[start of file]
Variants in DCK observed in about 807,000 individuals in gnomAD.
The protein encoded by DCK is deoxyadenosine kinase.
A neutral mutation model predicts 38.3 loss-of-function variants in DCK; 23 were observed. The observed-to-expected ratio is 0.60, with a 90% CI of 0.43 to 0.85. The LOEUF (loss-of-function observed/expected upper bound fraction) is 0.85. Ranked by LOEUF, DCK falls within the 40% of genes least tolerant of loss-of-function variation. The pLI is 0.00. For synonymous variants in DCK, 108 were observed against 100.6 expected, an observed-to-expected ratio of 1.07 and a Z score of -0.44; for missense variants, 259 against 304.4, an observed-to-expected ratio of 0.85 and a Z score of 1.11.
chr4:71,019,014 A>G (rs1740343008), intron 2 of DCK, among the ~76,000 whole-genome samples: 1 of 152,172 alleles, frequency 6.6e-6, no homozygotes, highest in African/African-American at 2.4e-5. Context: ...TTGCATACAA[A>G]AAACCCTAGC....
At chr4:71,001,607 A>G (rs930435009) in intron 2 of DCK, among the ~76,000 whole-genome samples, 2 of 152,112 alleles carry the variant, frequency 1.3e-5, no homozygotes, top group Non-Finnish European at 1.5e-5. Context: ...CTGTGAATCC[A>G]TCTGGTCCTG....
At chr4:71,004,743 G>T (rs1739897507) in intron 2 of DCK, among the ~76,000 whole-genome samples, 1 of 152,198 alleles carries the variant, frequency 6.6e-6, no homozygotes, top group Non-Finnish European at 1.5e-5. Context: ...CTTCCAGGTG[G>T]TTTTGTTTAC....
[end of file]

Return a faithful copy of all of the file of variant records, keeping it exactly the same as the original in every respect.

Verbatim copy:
Variants in DCK observed in about 807,000 individuals in gnomAD.
The protein encoded by DCK is deoxyadenosine kinase.
A neutral mutation model predicts 38.3 loss-of-function variants in DCK; 23 were observed. The observed-to-expected ratio is 0.60, with a 90% CI of 0.43 to 0.85. The LOEUF (loss-of-function observed/expected upper bound fraction) is 0.85. Ranked by LOEUF, DCK falls within the 40% of genes least tolerant of loss-of-function variation. The pLI is 0.00. For synonymous variants in DCK, 108 were observed against 100.6 expected, an observed-to-expected ratio of 1.07 and a Z score of -0.44; for missense variants, 259 against 304.4, an observed-to-expected ratio of 0.85 and a Z score of 1.11.
chr4:71,019,014 A>G (rs1740343008), intron 2 of DCK, among the ~76,000 whole-genome samples: 1 of 152,172 alleles, frequency 6.6e-6, no homozygotes, highest in African/African-American at 2.4e-5. Context: ...TTGCATACAA[A>G]AAACCCTAGC....
At chr4:71,001,607 A>G (rs930435009) in intron 2 of DCK, among the ~76,000 whole-genome samples, 2 of 152,112 alleles carry the variant, frequency 1.3e-5, no homozygotes, top group Non-Finnish European at 1.5e-5. Context: ...CTGTGAATCC[A>G]TCTGGTCCTG....
At chr4:71,004,743 G>T (rs1739897507) in intron 2 of DCK, among the ~76,000 whole-genome samples, 1 of 152,198 alleles carries the variant, frequency 6.6e-6, no homozygotes, top group Non-Finnish European at 1.5e-5. Context: ...CTTCCAGGTG[G>T]TTTTGTTTAC....